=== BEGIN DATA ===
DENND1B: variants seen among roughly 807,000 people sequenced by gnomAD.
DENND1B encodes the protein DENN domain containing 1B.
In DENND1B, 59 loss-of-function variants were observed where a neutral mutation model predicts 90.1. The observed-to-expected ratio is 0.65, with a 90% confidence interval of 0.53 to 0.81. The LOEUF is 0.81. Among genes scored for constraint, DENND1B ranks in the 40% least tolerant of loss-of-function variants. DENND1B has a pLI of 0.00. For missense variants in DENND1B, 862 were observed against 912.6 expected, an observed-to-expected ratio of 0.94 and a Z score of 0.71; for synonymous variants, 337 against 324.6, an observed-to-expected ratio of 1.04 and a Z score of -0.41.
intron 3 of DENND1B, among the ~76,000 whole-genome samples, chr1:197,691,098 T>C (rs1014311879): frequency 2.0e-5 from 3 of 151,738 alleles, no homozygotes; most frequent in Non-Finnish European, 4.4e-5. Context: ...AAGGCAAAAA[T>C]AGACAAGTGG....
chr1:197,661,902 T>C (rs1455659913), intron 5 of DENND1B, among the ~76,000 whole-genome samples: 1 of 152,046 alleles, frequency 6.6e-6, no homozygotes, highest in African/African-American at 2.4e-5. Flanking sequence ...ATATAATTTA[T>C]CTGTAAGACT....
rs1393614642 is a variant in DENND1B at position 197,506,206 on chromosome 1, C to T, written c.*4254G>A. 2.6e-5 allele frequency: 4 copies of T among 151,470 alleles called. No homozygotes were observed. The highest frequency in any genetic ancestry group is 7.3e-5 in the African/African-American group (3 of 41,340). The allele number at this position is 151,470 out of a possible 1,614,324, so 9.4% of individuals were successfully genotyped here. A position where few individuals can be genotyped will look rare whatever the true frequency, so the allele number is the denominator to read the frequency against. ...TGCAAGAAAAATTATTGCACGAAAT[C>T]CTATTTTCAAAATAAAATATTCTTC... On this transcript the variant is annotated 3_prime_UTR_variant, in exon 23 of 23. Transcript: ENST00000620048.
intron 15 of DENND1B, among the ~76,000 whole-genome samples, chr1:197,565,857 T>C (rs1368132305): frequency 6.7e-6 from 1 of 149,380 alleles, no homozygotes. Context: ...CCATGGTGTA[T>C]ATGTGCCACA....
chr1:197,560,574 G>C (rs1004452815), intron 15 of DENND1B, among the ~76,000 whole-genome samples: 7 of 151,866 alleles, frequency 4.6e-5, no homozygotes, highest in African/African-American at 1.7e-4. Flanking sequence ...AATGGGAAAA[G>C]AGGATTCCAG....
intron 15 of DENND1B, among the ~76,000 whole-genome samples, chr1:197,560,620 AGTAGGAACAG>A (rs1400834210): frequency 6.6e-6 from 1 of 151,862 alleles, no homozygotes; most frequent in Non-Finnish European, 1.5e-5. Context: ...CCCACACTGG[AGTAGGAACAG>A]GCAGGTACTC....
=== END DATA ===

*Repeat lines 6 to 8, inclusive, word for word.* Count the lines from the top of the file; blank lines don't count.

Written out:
rs1393614642 is a variant in DENND1B at position 197,506,206 on chromosome 1, C to T, written c.*4254G>A. 2.6e-5 allele frequency: 4 copies of T among 151,470 alleles called. No homozygotes were observed. The highest frequency in any genetic ancestry group is 7.3e-5 in the African/African-American group (3 of 41,340). The allele number at this position is 151,470 out of a possible 1,614,324, so 9.4% of individuals were successfully genotyped here. A position where few individuals can be genotyped will look rare whatever the true frequency, so the allele number is the denominator to read the frequency against. ...TGCAAGAAAAATTATTGCACGAAAT[C>T]CTATTTTCAAAATAAAATATTCTTC... On this transcript the variant is annotated 3_prime_UTR_variant, in exon 23 of 23. Transcript: ENST00000620048.
intron 15 of DENND1B, among the ~76,000 whole-genome samples, chr1:197,565,857 T>C (rs1368132305): frequency 6.7e-6 from 1 of 149,380 alleles, no homozygotes. Context: ...CCATGGTGTA[T>C]ATGTGCCACA....
chr1:197,560,574 G>C (rs1004452815), intron 15 of DENND1B, among the ~76,000 whole-genome samples: 7 of 151,866 alleles, frequency 4.6e-5, no homozygotes, highest in African/African-American at 1.7e-4. Flanking sequence ...AATGGGAAAA[G>C]AGGATTCCAG....